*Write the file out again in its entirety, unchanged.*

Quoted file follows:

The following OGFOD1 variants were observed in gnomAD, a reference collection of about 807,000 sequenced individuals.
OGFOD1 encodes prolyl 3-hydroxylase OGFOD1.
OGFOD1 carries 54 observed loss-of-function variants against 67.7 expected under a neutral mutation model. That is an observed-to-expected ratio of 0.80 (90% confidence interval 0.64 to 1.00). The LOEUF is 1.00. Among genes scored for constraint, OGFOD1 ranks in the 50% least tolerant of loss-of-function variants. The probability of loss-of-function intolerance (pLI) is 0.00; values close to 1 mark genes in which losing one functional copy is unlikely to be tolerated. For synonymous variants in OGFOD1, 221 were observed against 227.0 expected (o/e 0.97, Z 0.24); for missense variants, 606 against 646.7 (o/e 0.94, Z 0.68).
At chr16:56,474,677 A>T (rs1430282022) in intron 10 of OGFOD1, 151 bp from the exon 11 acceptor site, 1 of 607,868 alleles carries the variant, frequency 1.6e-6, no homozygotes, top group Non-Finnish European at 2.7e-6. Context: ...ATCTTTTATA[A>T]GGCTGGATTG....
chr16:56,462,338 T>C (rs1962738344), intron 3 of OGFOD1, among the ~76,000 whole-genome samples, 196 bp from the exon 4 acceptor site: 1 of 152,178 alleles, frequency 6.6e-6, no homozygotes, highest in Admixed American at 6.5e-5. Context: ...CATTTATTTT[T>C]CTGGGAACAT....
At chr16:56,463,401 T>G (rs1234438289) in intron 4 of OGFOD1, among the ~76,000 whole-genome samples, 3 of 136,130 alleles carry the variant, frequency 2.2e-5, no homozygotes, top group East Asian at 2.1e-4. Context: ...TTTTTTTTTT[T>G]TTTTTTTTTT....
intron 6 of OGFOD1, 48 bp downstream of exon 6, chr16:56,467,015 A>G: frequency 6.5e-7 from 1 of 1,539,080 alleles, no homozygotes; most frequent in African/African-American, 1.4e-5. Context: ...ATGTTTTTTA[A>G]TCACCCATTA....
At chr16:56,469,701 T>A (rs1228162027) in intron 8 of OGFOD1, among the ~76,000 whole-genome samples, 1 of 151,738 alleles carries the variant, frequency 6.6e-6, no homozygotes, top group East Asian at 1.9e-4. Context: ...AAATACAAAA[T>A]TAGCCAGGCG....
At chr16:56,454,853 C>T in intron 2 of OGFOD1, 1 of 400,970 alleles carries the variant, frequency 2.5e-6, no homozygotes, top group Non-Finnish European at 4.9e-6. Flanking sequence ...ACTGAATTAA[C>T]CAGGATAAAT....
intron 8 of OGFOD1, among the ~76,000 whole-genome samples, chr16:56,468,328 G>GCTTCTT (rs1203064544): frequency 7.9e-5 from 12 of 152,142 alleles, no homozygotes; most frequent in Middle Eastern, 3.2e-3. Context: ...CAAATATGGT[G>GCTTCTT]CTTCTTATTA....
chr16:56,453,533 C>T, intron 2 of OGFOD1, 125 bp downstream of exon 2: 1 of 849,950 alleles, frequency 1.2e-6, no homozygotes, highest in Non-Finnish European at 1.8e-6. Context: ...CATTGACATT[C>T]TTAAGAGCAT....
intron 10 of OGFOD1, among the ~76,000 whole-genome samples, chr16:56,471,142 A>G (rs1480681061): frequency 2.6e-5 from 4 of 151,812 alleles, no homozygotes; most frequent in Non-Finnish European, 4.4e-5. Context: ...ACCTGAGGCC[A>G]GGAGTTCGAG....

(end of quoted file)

The following OGFOD1 variants were observed in gnomAD, a reference collection of about 807,000 sequenced individuals.
OGFOD1 encodes prolyl 3-hydroxylase OGFOD1.
OGFOD1 carries 54 observed loss-of-function variants against 67.7 expected under a neutral mutation model. That is an observed-to-expected ratio of 0.80 (90% confidence interval 0.64 to 1.00). The LOEUF is 1.00. Among genes scored for constraint, OGFOD1 ranks in the 50% least tolerant of loss-of-function variants. The probability of loss-of-function intolerance (pLI) is 0.00; values close to 1 mark genes in which losing one functional copy is unlikely to be tolerated. For synonymous variants in OGFOD1, 221 were observed against 227.0 expected (o/e 0.97, Z 0.24); for missense variants, 606 against 646.7 (o/e 0.94, Z 0.68).
At chr16:56,474,677 A>T (rs1430282022) in intron 10 of OGFOD1, 151 bp from the exon 11 acceptor site, 1 of 607,868 alleles carries the variant, frequency 1.6e-6, no homozygotes, top group Non-Finnish European at 2.7e-6. Context: ...ATCTTTTATA[A>T]GGCTGGATTG....
chr16:56,462,338 T>C (rs1962738344), intron 3 of OGFOD1, among the ~76,000 whole-genome samples, 196 bp from the exon 4 acceptor site: 1 of 152,178 alleles, frequency 6.6e-6, no homozygotes, highest in Admixed American at 6.5e-5. Context: ...CATTTATTTT[T>C]CTGGGAACAT....
At chr16:56,463,401 T>G (rs1234438289) in intron 4 of OGFOD1, among the ~76,000 whole-genome samples, 3 of 136,130 alleles carry the variant, frequency 2.2e-5, no homozygotes, top group East Asian at 2.1e-4. Context: ...TTTTTTTTTT[T>G]TTTTTTTTTT....
intron 6 of OGFOD1, 48 bp downstream of exon 6, chr16:56,467,015 A>G: frequency 6.5e-7 from 1 of 1,539,080 alleles, no homozygotes; most frequent in African/African-American, 1.4e-5. Context: ...ATGTTTTTTA[A>G]TCACCCATTA....
At chr16:56,469,701 T>A (rs1228162027) in intron 8 of OGFOD1, among the ~76,000 whole-genome samples, 1 of 151,738 alleles carries the variant, frequency 6.6e-6, no homozygotes, top group East Asian at 1.9e-4. Context: ...AAATACAAAA[T>A]TAGCCAGGCG....
At chr16:56,454,853 C>T in intron 2 of OGFOD1, 1 of 400,970 alleles carries the variant, frequency 2.5e-6, no homozygotes, top group Non-Finnish European at 4.9e-6. Flanking sequence ...ACTGAATTAA[C>T]CAGGATAAAT....
intron 8 of OGFOD1, among the ~76,000 whole-genome samples, chr16:56,468,328 G>GCTTCTT (rs1203064544): frequency 7.9e-5 from 12 of 152,142 alleles, no homozygotes; most frequent in Middle Eastern, 3.2e-3. Context: ...CAAATATGGT[G>GCTTCTT]CTTCTTATTA....
chr16:56,453,533 C>T, intron 2 of OGFOD1, 125 bp downstream of exon 2: 1 of 849,950 alleles, frequency 1.2e-6, no homozygotes, highest in Non-Finnish European at 1.8e-6. Context: ...CATTGACATT[C>T]TTAAGAGCAT....
intron 10 of OGFOD1, among the ~76,000 whole-genome samples, chr16:56,471,142 A>G (rs1480681061): frequency 2.6e-5 from 4 of 151,812 alleles, no homozygotes; most frequent in Non-Finnish European, 4.4e-5. Context: ...ACCTGAGGCC[A>G]GGAGTTCGAG....